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Banting Postdoctoral Fellowship

The Modernist Versions Project seeks expressions of interest from exceptional candidates who would like to apply for a Banting postdoctoral fellowship.

The Banting fellowship, which emphasizes fit between the candidate and the host institution, is highly competitive. The successful applicant will have to be an emerging leader in her or his field.

We especially seek individuals with strong backgrounds in digital humanities and literary modernism, with experience in one or more of the following: physical computing, 3D modelling and printing, data visualization, linked data, electronic scholarly editions, and collating and versioning electronic texts.

Statements of interest of no more than one page, outlining the potential applicant’s background, training, and research interests, must be received by 13 September 2012. Please send all statements as .pdf files, with your last name in the filename, to

Read Aeolus

Set in the newspaper offices of the Weekly Freeman and National Press and Freeman’s Journal and National Press, this chapter finds Bloom attempting to close a deal to run an advertisement for Alexander Keyes. Bloom rushes to and fro to get all parties to agree, leaving the offices for most of the chapter, phoning near its end, and reappearing only to be given the brush-off by the editor, Myles Crawford. The remainder of the chapter deals with the windy conversation of Crawford’s friends and co-workers. Bloom and Stephen cross paths briefly in the newspaper offices, but do not exchange any words. First timers: see if you can spot where Joyce blurs the line between news and advertising—and asks us if there really is much of a difference after all. 

Read “Aeolus” now.

Ronan Crowley to Moderate Fourth YoU Twitter Chat

On Friday, August 24th at 1 pm EDT / 10 am PDT, Ronan Crowley will moderate the MVP’s fourth YoU Twitter chat, focusing specifically on “Hades.” The hashtag for the Twitter chat is #yearofulysses.

Ronan Crowley is a PhD candidate in English at the University at Buffalo. His dissertation project, “Gifts of the Gab: Quotation, Copyright, and Irish Modernism,” explores the writ of intellectual property in Ireland between the Acts of Union and Irish accession to the European Union. His work on Joyce appears in the James Joyce Quarterly and in the online annual Genetic Joyce Studies.

email: | twitter: @Yellworque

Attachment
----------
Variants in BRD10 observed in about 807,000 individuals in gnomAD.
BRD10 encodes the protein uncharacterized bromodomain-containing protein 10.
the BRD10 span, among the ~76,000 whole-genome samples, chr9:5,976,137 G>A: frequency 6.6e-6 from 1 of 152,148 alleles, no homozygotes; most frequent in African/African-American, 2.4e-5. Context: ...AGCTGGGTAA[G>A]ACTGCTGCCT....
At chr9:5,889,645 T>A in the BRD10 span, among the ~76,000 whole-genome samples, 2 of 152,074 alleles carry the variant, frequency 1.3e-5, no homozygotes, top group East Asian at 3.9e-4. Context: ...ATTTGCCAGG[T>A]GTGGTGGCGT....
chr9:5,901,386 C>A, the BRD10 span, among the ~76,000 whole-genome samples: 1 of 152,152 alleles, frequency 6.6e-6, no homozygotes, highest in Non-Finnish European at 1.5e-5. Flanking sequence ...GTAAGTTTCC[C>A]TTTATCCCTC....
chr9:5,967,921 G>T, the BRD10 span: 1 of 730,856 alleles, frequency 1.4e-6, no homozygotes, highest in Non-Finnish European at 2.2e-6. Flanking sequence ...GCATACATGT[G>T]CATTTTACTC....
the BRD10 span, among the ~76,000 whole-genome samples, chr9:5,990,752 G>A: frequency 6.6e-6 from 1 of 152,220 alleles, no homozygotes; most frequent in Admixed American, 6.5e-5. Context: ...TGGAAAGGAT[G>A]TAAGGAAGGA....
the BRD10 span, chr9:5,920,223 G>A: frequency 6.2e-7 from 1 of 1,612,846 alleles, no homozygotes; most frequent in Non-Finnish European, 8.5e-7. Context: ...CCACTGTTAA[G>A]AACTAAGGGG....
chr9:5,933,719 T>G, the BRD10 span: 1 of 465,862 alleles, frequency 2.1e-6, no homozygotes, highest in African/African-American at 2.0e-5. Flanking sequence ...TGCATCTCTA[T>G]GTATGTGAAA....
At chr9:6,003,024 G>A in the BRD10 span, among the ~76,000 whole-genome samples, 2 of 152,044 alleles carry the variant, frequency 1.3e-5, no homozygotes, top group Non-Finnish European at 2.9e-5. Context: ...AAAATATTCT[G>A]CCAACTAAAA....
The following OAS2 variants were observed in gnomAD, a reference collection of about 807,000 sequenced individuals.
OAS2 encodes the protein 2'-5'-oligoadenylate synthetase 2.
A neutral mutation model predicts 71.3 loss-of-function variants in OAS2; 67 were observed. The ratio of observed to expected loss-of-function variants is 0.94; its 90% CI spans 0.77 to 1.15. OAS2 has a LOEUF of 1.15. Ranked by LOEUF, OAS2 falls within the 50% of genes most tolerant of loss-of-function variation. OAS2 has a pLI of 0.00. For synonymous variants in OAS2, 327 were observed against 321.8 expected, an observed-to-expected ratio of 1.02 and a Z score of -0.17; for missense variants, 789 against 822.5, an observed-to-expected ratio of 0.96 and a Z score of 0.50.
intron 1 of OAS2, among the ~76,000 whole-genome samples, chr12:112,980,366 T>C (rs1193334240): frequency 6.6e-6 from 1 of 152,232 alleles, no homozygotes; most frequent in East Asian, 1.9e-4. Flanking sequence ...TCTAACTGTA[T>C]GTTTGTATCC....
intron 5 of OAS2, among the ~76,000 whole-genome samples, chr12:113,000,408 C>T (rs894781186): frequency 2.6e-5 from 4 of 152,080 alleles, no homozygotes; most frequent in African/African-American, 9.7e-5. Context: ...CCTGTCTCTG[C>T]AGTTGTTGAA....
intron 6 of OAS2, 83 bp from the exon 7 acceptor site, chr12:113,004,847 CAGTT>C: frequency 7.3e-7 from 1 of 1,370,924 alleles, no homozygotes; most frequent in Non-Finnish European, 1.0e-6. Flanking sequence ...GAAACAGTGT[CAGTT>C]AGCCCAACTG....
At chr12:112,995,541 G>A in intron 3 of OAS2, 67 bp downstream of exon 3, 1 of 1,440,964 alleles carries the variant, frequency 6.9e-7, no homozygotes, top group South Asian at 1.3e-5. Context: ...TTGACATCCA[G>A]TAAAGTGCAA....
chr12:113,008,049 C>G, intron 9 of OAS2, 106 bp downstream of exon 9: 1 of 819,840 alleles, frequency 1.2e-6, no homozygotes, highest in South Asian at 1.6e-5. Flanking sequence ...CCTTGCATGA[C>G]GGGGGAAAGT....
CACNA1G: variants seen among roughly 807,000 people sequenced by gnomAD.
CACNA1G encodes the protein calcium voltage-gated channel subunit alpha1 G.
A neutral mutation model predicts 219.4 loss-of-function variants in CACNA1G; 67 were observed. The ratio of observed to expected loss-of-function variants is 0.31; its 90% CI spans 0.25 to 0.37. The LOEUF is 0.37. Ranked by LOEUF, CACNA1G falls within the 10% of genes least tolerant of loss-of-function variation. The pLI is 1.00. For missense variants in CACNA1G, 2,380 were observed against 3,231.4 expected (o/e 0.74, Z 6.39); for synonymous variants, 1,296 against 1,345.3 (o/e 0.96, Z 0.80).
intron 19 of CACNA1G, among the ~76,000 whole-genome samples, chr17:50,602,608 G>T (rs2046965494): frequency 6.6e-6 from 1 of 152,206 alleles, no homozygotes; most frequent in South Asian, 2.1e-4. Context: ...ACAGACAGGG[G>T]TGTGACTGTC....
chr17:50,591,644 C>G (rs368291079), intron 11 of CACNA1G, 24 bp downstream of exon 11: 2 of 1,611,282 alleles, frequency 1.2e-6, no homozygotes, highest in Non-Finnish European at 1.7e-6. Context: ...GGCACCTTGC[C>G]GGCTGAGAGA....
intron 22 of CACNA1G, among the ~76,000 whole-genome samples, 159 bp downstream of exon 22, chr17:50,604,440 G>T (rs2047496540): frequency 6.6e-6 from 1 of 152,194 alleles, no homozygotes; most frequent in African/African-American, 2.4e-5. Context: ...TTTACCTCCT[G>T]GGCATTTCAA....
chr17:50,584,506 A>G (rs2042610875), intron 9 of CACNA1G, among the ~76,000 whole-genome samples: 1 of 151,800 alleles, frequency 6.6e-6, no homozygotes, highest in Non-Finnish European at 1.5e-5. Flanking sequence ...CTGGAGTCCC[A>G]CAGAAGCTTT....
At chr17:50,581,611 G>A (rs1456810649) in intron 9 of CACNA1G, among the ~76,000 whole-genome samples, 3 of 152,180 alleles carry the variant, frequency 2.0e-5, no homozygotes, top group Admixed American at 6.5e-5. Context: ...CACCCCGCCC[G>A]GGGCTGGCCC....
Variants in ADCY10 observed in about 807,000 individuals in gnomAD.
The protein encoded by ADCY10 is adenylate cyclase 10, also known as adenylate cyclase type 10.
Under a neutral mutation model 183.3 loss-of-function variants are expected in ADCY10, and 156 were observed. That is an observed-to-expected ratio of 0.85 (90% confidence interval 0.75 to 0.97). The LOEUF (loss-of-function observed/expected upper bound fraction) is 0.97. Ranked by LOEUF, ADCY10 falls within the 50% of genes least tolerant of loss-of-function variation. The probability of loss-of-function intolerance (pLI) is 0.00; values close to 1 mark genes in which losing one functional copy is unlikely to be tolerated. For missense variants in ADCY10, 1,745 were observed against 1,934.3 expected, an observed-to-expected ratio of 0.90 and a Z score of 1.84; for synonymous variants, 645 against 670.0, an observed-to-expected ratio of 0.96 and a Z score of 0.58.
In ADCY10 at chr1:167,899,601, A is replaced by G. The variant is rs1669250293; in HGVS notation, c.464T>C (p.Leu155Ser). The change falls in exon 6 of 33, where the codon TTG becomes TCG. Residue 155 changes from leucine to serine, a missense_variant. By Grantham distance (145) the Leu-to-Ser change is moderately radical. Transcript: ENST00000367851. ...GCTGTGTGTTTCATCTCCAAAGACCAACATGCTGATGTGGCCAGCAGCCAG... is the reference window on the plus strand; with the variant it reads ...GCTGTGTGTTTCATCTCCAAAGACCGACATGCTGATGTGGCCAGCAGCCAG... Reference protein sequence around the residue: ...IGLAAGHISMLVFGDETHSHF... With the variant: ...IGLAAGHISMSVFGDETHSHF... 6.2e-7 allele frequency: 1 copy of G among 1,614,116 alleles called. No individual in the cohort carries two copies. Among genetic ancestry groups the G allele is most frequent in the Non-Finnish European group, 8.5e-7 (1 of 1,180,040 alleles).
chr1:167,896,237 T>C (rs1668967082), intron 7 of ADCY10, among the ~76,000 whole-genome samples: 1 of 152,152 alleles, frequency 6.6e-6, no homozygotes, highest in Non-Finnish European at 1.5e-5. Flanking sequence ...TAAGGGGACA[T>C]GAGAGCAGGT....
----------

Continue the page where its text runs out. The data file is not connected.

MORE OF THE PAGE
Read Hades

“Hades” is the underworld episode of Ulysses, the one that takes us with Bloom to Paddy Dignam’s funeral. It raises ghosts from Bloom’s past, including his father (dead by his own hand) and his son (dead at 11 days, 11 years ago). It’s not all gloom, though; Joyce intersperses humour in some unlikely places and links the Odyssean journey to the underworld with issues of anti-Semitism, colonialism, and venality all while letting us follow Bloom’s often-startling thoughts. First timers: watch for the sleek fat rat and its overt parallels with both Stephen’s vision of his corpse-chewing mother’s ghost and the dogs on the beach in “Proteus” and still to come in “Nausicaa.”

Read “Hades” now.

Swimming the Deeper Waters of Joyceana

In place of a video lecture this week, the MVP has commissioned a blog post by Robert Berry, the talented individual behind the Ulysses ‘Seen’ comicbook version of the novel. The Ulysses ‘Seen’ team are also preparing a video, which will appear in this space within a month’s time. Until then, please enjoy the musings below… [SR]

Joyce studies, at least from my rather homespun and narrow view of them, can be a messy business. Still strongly standing very much at the forefront of a disarrayed battle line of modernist thinkers, Joyce, his work and his life, casts a very long shadow on how we look at the world today some seventy years after his death. He is an endless set of puzzles and fresh lessons. Though his work might often be rather specifically linked to the immediate world of its own creation and filled with allusions which today seem vague or enigmatic, it also has served to bring fresh questions to the mind of many readers and critical thinkers since the time of its publication, prompting that wonderful quote from Joseph Frank; “Joyce cannot be read. He can only be re-read.”

(I love that particular quote but, let’s face it, the idea of giving someone a seven-hundred page book to read and telling them, “no, you’ve got to read it many times over” isn’t the best way to attract a new audience.)

Read more

Robert Berry to Moderate “Special Edition” Twitter Chat

On Wednesday, August 15th at 2PM EDT, cartoonist Robert Berry will moderate our YoU Twitter chat. This conversation will focus on some of the difficulties and advantages of using the language of comicbooks to bring Joyce’s work to a new audience through his online adaptation ULYSSES “SEEN”. Rob is currently drawing the “Lotus Eaters” episode (which all of you should have read by now) so expect to see some new pages and hear some thoughts on adapting that section of the novel. The hashtag for the Twitter chat is #yearofulysses.

Rob was trained as a painter at Wayne State Univ in his hometown of Detroit but threw most of that experience away to move to Philadelphia and make comics. Adapting Joyce’s novel into the fully-annotated ULYSSES “SEEN” has been keeping him busy since 2008. Original artwork from the comic can now be seen at the James Joyce Centre in Dublin.

email: twitter: @UlyssesSeen website: